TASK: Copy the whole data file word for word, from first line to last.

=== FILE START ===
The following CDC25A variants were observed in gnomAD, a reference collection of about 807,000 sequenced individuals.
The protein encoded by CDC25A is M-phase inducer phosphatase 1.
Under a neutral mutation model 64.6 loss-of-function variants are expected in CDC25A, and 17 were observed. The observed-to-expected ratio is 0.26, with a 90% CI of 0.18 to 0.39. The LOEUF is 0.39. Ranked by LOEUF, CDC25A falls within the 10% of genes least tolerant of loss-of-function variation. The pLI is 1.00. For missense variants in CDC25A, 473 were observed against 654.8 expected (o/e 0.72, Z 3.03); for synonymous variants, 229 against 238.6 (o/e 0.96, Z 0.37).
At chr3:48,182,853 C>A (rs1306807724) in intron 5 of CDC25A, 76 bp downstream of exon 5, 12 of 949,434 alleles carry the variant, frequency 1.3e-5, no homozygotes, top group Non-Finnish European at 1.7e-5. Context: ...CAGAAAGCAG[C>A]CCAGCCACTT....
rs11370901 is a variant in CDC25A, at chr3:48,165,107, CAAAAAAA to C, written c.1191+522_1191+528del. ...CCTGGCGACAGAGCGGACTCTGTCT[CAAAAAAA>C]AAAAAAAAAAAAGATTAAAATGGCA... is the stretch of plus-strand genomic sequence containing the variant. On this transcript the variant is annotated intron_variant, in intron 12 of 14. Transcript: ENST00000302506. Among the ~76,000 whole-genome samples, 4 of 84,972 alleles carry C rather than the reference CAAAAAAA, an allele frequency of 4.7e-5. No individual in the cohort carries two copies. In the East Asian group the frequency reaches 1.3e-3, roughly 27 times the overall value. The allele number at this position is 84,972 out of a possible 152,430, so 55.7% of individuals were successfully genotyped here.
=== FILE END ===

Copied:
The following CDC25A variants were observed in gnomAD, a reference collection of about 807,000 sequenced individuals.
The protein encoded by CDC25A is M-phase inducer phosphatase 1.
Under a neutral mutation model 64.6 loss-of-function variants are expected in CDC25A, and 17 were observed. The observed-to-expected ratio is 0.26, with a 90% CI of 0.18 to 0.39. The LOEUF is 0.39. Ranked by LOEUF, CDC25A falls within the 10% of genes least tolerant of loss-of-function variation. The pLI is 1.00. For missense variants in CDC25A, 473 were observed against 654.8 expected (o/e 0.72, Z 3.03); for synonymous variants, 229 against 238.6 (o/e 0.96, Z 0.37).
At chr3:48,182,853 C>A (rs1306807724) in intron 5 of CDC25A, 76 bp downstream of exon 5, 12 of 949,434 alleles carry the variant, frequency 1.3e-5, no homozygotes, top group Non-Finnish European at 1.7e-5. Context: ...CAGAAAGCAG[C>A]CCAGCCACTT....
rs11370901 is a variant in CDC25A, at chr3:48,165,107, CAAAAAAA to C, written c.1191+522_1191+528del. ...CCTGGCGACAGAGCGGACTCTGTCT[CAAAAAAA>C]AAAAAAAAAAAAGATTAAAATGGCA... is the stretch of plus-strand genomic sequence containing the variant. On this transcript the variant is annotated intron_variant, in intron 12 of 14. Transcript: ENST00000302506. Among the ~76,000 whole-genome samples, 4 of 84,972 alleles carry C rather than the reference CAAAAAAA, an allele frequency of 4.7e-5. No individual in the cohort carries two copies. In the East Asian group the frequency reaches 1.3e-3, roughly 27 times the overall value. The allele number at this position is 84,972 out of a possible 152,430, so 55.7% of individuals were successfully genotyped here.